Saturday, July 23, 2016

Blog Tour: When Michael Met Mina by Randa Abdel-Fattah

Firstly, thanks to PanMacmillan Australia for this review copy and the opportunity to be part of the blog tour <3


Date Read: June 12-14 2016
Date Released: June 28th 2016
Publisher: PanMacmillan Australia
Source: Review copy via publisher
Genre: Contemporary
My Rating: 

"Before Mina, my life was like a completed jigsaw puzzle but Mina has pushed the puzzle onto the floor. I have to start all over again, figuring out where the pieces go.

When Michael meets Mina, they are at a rally for refugees - standing on opposite sides.

Mina fled Afghanistan with her mother via a refugee camp, a leaky boat and a detention centre.

Michael's parents have founded a new political party called Aussie Values.

They want to stop the boats.
Mina wants to stop the hate.

When Mina wins a scholarship to Michael's private school, their lives crash together blindingly.

A novel for anyone who wants to fight for love, and against injustice."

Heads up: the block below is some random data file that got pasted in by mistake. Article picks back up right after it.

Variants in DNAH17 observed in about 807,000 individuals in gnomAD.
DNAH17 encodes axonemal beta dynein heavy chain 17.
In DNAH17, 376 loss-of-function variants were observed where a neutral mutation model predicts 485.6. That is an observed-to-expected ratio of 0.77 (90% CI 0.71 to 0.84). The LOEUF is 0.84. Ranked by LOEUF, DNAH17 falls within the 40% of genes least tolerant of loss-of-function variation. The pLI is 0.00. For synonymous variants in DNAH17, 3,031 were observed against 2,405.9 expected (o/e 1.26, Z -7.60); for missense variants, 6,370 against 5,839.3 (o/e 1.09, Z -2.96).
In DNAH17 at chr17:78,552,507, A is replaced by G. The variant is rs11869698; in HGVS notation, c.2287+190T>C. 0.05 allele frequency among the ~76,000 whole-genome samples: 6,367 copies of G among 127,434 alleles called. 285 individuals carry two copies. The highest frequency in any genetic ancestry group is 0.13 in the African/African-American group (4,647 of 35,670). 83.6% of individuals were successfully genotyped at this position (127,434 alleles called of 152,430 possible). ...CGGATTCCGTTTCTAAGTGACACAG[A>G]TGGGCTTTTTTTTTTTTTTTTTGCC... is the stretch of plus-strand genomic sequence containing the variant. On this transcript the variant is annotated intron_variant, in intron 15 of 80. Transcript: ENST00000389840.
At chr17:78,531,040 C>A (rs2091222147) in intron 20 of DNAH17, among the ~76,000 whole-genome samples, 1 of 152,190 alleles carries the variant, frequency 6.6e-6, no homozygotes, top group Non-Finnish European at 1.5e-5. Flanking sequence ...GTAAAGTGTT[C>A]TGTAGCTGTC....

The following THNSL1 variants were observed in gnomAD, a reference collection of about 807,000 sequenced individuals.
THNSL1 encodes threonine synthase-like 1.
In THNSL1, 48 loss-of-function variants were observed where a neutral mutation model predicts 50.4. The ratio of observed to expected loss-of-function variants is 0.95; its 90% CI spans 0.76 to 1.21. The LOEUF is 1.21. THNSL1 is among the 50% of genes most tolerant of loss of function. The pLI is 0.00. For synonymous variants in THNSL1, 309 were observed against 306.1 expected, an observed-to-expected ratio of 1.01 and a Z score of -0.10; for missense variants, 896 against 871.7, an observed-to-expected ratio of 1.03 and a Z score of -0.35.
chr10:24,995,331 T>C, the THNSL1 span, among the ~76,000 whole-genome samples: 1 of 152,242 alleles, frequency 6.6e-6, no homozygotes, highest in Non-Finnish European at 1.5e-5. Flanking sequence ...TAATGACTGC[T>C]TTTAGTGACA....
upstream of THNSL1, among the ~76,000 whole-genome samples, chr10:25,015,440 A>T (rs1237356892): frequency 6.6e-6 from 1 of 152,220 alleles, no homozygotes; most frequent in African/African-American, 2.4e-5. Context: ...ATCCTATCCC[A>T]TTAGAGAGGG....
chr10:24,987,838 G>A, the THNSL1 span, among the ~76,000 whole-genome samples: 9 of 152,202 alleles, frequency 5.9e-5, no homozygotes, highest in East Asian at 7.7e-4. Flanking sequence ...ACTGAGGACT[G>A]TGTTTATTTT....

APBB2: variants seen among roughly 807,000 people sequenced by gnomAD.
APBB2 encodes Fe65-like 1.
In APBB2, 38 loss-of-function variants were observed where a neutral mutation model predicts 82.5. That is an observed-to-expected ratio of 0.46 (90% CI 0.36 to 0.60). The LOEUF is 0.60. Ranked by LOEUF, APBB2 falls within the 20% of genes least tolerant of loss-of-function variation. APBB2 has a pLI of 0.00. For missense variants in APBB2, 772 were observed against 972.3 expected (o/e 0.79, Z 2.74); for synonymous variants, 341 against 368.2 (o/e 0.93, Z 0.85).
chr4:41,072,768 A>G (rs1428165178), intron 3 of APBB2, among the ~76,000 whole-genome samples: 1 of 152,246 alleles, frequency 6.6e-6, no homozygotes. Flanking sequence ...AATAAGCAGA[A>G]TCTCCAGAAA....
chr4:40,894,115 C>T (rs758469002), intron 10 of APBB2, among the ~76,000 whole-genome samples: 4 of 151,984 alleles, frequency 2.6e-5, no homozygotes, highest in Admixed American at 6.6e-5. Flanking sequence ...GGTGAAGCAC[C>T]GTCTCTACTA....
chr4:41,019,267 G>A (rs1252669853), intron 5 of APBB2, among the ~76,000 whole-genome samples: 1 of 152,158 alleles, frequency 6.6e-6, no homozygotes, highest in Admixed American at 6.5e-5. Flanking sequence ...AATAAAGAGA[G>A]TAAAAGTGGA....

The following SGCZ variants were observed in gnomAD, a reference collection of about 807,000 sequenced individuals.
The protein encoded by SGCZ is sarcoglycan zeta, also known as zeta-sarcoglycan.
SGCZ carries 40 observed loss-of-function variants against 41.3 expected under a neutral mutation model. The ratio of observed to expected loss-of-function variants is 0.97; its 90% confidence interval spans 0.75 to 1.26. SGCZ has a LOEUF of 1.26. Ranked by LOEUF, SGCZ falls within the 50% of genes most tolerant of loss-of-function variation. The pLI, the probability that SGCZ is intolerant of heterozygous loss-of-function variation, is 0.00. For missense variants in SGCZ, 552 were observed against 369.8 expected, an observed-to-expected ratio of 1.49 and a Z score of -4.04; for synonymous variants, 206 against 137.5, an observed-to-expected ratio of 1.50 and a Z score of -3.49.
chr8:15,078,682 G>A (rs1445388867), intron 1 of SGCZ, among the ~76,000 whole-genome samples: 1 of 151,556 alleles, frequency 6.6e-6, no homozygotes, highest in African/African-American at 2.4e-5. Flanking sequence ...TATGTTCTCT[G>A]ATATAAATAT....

Last year, my work had us visit a high school in western Sydney which has had a long running relationship with my organisation. We gave the students tips on writing resumes and in return they cooked for us and showcased student talent. I can tell you, we got so much more out of it than the students. The student population is extremely diverse. A few students who had the courage to get up in front of an audience, told us their stories. One young girl’s story moved me to tears. I’m really terrible at re-telling things but here goes a summarised version (which sounds very emotionless I’m sorry):

She was born in Syria into a loving family and enjoyed going to school. Her favourite hobby was drawing. Your typical kid. Then the discord and war in her country started. Bombs and fighting right on her doorstep. At some point a bomb had exploded 2 blocks away from her school and she was too afraid to return to school after that. Her and her family were living in fear constantly, but they managed to flee their war-torn country and make it out to Australia. At the end of her speech she said she was grateful to be in Australia, back in school and that her dream was to be an artist. I can say that everybody in that hall was reflecting on how lucky we are over here. And it pains me to say that this young girl was one of the lucky ones – she made it out. How many others don’t? Who is even keeping count?

While Abdel-Fattah’s story of Mina and Michael is a fictional one, it’s also true. The horrors that Mina faced in Afghanistan clash violently with Michael’s family’s Aussie Values campaign and I was sucked in to this book from page one.